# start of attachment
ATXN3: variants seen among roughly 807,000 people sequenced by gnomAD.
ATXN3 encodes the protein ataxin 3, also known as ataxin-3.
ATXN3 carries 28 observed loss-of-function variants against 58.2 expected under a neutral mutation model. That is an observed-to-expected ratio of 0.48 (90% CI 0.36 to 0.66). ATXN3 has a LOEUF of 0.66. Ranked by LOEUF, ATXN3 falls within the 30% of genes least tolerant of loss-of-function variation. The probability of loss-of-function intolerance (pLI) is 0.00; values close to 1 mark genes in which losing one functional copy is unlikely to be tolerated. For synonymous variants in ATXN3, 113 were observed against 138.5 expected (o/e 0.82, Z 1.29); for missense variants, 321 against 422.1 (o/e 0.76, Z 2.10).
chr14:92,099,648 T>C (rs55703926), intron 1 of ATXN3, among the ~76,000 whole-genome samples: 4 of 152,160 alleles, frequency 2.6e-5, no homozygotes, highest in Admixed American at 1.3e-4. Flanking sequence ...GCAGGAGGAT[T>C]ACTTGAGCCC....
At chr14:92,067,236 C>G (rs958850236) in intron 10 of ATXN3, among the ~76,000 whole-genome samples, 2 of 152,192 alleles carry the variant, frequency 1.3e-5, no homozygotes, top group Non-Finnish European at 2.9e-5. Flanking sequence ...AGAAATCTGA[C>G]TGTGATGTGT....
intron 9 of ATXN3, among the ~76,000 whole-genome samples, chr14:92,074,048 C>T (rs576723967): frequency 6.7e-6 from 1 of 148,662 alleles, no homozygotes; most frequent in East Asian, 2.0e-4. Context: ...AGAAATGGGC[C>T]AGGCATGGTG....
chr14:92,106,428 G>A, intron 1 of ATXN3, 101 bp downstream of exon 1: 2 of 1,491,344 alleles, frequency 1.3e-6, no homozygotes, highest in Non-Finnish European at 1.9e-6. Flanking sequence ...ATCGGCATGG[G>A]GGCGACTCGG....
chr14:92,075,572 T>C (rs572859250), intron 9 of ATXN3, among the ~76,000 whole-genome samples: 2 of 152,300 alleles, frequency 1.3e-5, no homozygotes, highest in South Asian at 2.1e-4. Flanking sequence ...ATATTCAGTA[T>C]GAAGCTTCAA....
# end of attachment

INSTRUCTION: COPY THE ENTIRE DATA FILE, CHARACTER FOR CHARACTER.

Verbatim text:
ATXN3: variants seen among roughly 807,000 people sequenced by gnomAD.
ATXN3 encodes the protein ataxin 3, also known as ataxin-3.
ATXN3 carries 28 observed loss-of-function variants against 58.2 expected under a neutral mutation model. That is an observed-to-expected ratio of 0.48 (90% CI 0.36 to 0.66). ATXN3 has a LOEUF of 0.66. Ranked by LOEUF, ATXN3 falls within the 30% of genes least tolerant of loss-of-function variation. The probability of loss-of-function intolerance (pLI) is 0.00; values close to 1 mark genes in which losing one functional copy is unlikely to be tolerated. For synonymous variants in ATXN3, 113 were observed against 138.5 expected (o/e 0.82, Z 1.29); for missense variants, 321 against 422.1 (o/e 0.76, Z 2.10).
chr14:92,099,648 T>C (rs55703926), intron 1 of ATXN3, among the ~76,000 whole-genome samples: 4 of 152,160 alleles, frequency 2.6e-5, no homozygotes, highest in Admixed American at 1.3e-4. Flanking sequence ...GCAGGAGGAT[T>C]ACTTGAGCCC....
At chr14:92,067,236 C>G (rs958850236) in intron 10 of ATXN3, among the ~76,000 whole-genome samples, 2 of 152,192 alleles carry the variant, frequency 1.3e-5, no homozygotes, top group Non-Finnish European at 2.9e-5. Flanking sequence ...AGAAATCTGA[C>G]TGTGATGTGT....
intron 9 of ATXN3, among the ~76,000 whole-genome samples, chr14:92,074,048 C>T (rs576723967): frequency 6.7e-6 from 1 of 148,662 alleles, no homozygotes; most frequent in East Asian, 2.0e-4. Context: ...AGAAATGGGC[C>T]AGGCATGGTG....
chr14:92,106,428 G>A, intron 1 of ATXN3, 101 bp downstream of exon 1: 2 of 1,491,344 alleles, frequency 1.3e-6, no homozygotes, highest in Non-Finnish European at 1.9e-6. Flanking sequence ...ATCGGCATGG[G>A]GGCGACTCGG....
chr14:92,075,572 T>C (rs572859250), intron 9 of ATXN3, among the ~76,000 whole-genome samples: 2 of 152,300 alleles, frequency 1.3e-5, no homozygotes, highest in South Asian at 2.1e-4. Flanking sequence ...ATATTCAGTA[T>C]GAAGCTTCAA....